April 25, 2017

Right of Parents to Choose Education

Human rights

Parents have a right to choose a specific kind of education for their children. This right was not given to them by any legislating body or human authority but by the word of God (Ephesians 6:4; Deuteronomy 6:7). However the right is supported by multiple human rights instruments under international law.

Universal Declaration of Human Rights (1948) Article 26 (3) – “Parents have a prior right to choose the kind of education that shall be given to their children.”

International Covenant on Economic, Social and Cultural Rights (1976) Article 10 (1) and 13 (3)3— “The States Parties to the present Covenant undertake to have respect for the liberty of parents and, when applicable, legal guardians to choose for their children schools, other than those established by the public au-
thorities, which conform to such minimum educational standards as may be laid down or approved by the State and to ensure the religious and moral education of their children in conformity with their own convictions.”

International Covenant on Civil and Political Rights (1976) Article 18 (4)4 – “The States Parties to the present Covenant undertake to have respect for the liberty of parents and, when applicable, legal guardians to ensure the religious and moral education of their children in conformity with their own convictions.”

Charter of Fundamental Rights of the European Union (2000) Article 14 (3)3 – “The freedom to found educational establishments with due respect for democratic principles and the right of parents to ensure the education and teaching of their children in conformity with their religious, philosophical and pedagogical
convictions shall be respected, in accordance with the national laws governing the exercise of such freedom and right.”

European Convention on Human Rights (1952) Protocol 1, Article 2 – “No person shall be denied the right to education. In the exercise of any functions which it assumes in relation to education and to teaching, the State shall respect the right of parents to ensure such education and teaching in conformity with their own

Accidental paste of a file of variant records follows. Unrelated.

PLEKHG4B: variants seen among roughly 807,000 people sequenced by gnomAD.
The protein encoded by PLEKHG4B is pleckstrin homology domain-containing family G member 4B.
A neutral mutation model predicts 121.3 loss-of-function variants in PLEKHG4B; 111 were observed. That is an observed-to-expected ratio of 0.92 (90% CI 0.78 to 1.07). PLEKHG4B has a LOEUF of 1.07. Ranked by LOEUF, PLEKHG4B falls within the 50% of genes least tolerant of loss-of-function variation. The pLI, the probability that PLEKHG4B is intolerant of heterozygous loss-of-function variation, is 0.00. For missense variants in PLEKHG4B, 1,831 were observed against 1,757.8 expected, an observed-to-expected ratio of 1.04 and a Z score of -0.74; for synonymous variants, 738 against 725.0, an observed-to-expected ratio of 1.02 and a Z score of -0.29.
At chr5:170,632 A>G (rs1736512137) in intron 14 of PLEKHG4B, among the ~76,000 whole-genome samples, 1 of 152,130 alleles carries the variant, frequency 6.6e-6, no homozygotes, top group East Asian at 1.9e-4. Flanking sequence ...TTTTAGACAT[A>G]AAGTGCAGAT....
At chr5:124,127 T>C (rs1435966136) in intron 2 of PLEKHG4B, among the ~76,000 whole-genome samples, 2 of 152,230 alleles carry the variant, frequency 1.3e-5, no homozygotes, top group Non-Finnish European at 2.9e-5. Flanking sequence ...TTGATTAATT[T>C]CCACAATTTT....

religious and philosophical convictions.”

American Convention on Human Rights (1969), Article 12 (4) – “Parents or guardians, as the case may be, have the right to provide for the religious and moral education of their children or wards that is in accord with their own convictions.” Article 13 (4) – “In conformity with the domestic legislation of the States Par-
ties, parents should have the right to select the type of education to be given to their children, provided that it conforms to the principles set forth above.”

Plus

http://www.legislation.govt.nz/act/public/2004/0090/latest/DLM317414.html The important thing to note is that this law gives parents the right to make decisions about their child’s education and health.

This Bill violates a parent’s right to choose where and how their child is to be educated; a right protected in the Care of Children Act 2004 (Clause 16(2)(d)), and in the United Nations Universal Declaration of Human Rights, International Standards (E/C.12/1999/10, Article 13.29).

Furthermore, the Education Act does not require any children under 6-years old to attend an early childhood education centre. The Act nowhere discriminates against children of beneficiaries. Bennett’s Bill ignores the Education Act and coerces beneficiary parents to enroll their children.

The right of parents to choose what kind of education their children receive is thus well-attested as a fundamental human right. The Home Education Foundation advises that in many situations, a parent’s views on what constitutes a suitable education differs broadly from the government’s views on what constitutes suitable education. In such cases, as these human rights instruments attest, it is the parent with whom the decision rests, not the government.

When the government disagrees with a parent over what constitutes a suitable education, it is the government’s opinion which must yield to the parent’s opinion in the absence of actual abuse.

We advise that a Bill which does not provide all parents with the ability to educate their own children at home will breach the Universal Declaration of Human Rights and fundamental parental rights in New Zealand

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